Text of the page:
Having the proper equipment makes that task must simpler. A Cookshack smoker oven allows for consistent temperatures that ensures you will cook a brisket or any cut of meat the same each time. The more the temperature fluctuates up and down the less consistency you are going to have. A delicious, moist brisket requires you to cook at the same time and temperature each time.
The brisket itself is an important factor in producing a consistent product. Consider purchasing the best brisket that you can get and then try to repeat the size and brand each time. Always purchase the same grade and the same size brisket from your supplier. Make sure the brisket is fresh, and the fat is a nice white color, marbled through the brisket.
Trimming the brisket the same way each time maintains consistency. Are you keeping the flat and point together or separating it? Do you want a large or small amount of fat on your brisket while it cooks? We like to trim off a major part of the fat and separate the muscles.
For your seasonings and rubs you need to make sure you are using a fresh product, and you are applying the same amount to each brisket. Cookshack Brisket Rub adds a savory flavor that will compliment the smoke flavor the your brisket. You should measure the amount of rub you are going to use so that you do not over or under season the brisket from cook to cook.
What smoke flavor do you want? Use the same flavor of wood or pellets for each cooking cycle. Using our FEC smokers will give you a nice smoke ring and consistent smoke flavor. If you choose wood logs, be aware that you may not be able to control the amount of moisture in the log or the amount of creosote that it may produce. It varies from log to log. With Cookshack wood chunks or pellets you produce a consistent smoke flavor.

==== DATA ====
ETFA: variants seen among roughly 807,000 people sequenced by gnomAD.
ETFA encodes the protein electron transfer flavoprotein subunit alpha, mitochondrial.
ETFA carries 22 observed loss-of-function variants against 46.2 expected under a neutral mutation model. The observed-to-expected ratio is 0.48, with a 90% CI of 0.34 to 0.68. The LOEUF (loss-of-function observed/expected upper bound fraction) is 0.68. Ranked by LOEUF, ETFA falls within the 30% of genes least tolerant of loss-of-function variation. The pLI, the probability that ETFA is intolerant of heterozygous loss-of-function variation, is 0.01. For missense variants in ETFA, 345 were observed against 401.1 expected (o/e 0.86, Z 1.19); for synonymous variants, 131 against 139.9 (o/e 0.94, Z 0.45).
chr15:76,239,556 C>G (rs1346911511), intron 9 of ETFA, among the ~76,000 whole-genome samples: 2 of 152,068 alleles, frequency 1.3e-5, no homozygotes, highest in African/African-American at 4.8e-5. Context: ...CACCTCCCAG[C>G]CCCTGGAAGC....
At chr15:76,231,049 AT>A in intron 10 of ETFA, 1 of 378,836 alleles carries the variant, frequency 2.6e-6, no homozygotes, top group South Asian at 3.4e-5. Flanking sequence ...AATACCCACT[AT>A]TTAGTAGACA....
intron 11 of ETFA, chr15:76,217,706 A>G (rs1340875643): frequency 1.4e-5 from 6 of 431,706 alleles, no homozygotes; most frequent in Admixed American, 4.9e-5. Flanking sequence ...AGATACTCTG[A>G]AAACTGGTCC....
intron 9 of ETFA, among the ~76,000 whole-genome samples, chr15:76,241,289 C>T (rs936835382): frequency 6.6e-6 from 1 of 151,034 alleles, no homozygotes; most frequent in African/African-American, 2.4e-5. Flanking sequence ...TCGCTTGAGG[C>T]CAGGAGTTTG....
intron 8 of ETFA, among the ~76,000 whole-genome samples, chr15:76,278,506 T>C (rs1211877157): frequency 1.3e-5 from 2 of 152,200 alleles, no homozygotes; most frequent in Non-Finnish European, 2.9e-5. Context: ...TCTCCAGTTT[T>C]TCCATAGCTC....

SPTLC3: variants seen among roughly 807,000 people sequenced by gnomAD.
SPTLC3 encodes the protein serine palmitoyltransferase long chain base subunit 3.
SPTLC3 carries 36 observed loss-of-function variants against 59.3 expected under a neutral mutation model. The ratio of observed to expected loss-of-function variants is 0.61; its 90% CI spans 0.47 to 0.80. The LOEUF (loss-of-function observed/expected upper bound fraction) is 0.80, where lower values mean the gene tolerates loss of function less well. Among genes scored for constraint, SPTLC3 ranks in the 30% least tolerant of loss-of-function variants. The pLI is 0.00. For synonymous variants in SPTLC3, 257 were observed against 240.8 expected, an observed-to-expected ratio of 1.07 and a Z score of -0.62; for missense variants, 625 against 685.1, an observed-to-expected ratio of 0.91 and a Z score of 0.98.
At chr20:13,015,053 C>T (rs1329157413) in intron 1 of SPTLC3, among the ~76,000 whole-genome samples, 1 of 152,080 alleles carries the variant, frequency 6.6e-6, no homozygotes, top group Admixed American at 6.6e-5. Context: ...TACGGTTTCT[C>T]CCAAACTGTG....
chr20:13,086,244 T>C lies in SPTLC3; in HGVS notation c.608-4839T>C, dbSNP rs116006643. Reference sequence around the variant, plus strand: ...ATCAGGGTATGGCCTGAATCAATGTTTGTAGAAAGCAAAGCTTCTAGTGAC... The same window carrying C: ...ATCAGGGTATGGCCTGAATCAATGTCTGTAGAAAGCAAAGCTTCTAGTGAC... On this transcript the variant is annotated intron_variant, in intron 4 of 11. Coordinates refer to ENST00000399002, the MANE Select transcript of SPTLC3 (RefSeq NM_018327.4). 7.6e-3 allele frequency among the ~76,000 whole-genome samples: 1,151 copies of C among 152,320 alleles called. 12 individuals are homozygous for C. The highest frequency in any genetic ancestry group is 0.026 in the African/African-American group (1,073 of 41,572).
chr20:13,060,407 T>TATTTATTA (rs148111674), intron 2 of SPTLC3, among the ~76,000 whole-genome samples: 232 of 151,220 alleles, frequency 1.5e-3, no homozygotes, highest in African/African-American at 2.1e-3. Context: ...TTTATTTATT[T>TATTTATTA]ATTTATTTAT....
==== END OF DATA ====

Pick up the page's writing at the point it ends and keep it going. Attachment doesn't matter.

The most important thing is to find a recipe that you like and stick with it. There are many different flavor profiles, but that are expected in barbecue. We recommend that you smoke cook the brisket for twelve to fourteen hours in the smoker at 225°F or to an internal temperature of 195°F. A good rule of thumb is one hour for each pound of brisket plus one hour. The low temperatures will seal in the moisture making it tender and moist. Make sure and let the brisket rest for 20 minutes before serving.
One of the goals at Cookshack is to be a Barbecue resource center. We are committed to helping chefs, home cooks and competition pitmasters to produce the highest quality barbecue in the easiest manner, by providing quality products and educational services. We accomplish this by offering multiple options on how to smoke food and use our equipment.
On the Cookshack website, we have a Cooking Guide; that has hundreds of recipes and videos. Many of these recipes were submitted by customers over the past twenty years. The videos fall into various categories depending our your interest. Some of the videos address how our smokers, grills and charbroilers work, while others show you step by step how to cook great meat, vegetables and desserts using our equipment. Cookshack also sponsors an uncensored forum that is available 24/7. Topics are varied and offer something for everyone who is interested in barbecue. The forum has had over four million page views this year.
Do you require a more personal experience? We offer hands-on classes throughout the year that are taught by world class cooks who have experience in the restaurant, catering and competition worlds. The classes are kept small so that each student will have a personal experience. Topics range from how to trim traditional barbecue meats like brisket, pork shoulder, ribs and chicken to the proper way to season, inject and smoke these products. For more information and details on how to cook barbecue, please check out our events page on this website.
New this year, we are offering cooking demonstrations in select markets. Stuart Powell, Cookshack President/CEO, will cook live using our commercial equipment. Recipes and samples are included with the presentation. The first cooking demonstration will be held on October 16th in Norman, OK. Additionally, many of our dealers and distributors offer cooking demonstrations at their locations. For our commercial customers, arrangements can be made for on-site demonstrations of our equipment. If you need more information about these demonstrations please contact our Sales Department at firstname.lastname@example.org or call us at 1.800.423.0698.